Human embryonic stem cells differentiated under mesoderm-inducing conditions have important therapeutic properties in sepsis-induced lung injury in mice. Single cell suspensions obtained from day 7 human embryoid bodies (d7EBs) injected i.v. 1 hour after cecal ligation and puncture significantly reduced lung inflammation and edema as well as production of tumor necrosis factor-α and interferon-γ in lungs compared with controls, whereas interleukin-10 production remained elevated. d7EB cell transplantation also reduced mortality to 50% from 90% in the control group. The protection was ascribed to d7EB cell interaction with lung resident CD11b+ cells, and was correlated with the ability of d7EB cells to reduce it also reduced production of proinflammatory cytokines by CD11+ cells, and to endothelial NO synthase-derived NO by d7EB cells, leading to inhibition of inducible macrophage-type NO synthase activation in CD11b+ cells. The protective progenitor cells were positive for the endothelial and hematopoietic lineage marker angiotensin converting enzyme (ACE). Only the ACE+ fraction modulated the proinflammatory profile of CD11b+ cells and reduced mortality in septic mice. In contrast to the nonprotective ACE-cell fraction, the ACE+ cell fraction also produced NO. These findings suggest that an ACE+ subset of human embryonic stem cell-derived progenitor cells has a highly specialized anti-inflammatory function that ameliorates sepsis-induced lung inflammation and reduces mortality.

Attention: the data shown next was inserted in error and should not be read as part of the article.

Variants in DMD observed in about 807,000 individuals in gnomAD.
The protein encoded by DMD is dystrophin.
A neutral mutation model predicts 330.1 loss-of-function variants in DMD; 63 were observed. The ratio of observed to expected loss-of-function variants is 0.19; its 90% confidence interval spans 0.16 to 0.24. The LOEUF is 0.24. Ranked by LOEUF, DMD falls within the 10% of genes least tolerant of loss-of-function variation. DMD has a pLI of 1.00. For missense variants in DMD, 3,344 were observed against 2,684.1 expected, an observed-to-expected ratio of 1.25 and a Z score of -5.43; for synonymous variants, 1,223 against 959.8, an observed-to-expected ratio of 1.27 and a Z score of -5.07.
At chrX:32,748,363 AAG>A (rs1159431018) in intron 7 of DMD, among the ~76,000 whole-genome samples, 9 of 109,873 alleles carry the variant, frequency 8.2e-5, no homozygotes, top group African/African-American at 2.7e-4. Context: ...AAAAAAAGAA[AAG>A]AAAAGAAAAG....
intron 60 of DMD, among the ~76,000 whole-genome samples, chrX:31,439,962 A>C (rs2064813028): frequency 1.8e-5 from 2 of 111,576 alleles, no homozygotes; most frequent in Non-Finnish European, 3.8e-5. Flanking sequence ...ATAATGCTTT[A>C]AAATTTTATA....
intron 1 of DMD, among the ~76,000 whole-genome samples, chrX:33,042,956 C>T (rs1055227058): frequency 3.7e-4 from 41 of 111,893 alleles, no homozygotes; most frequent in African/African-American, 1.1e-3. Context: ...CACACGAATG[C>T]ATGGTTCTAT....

ASJC Scopus subject areas
- Pathology and Forensic Medicine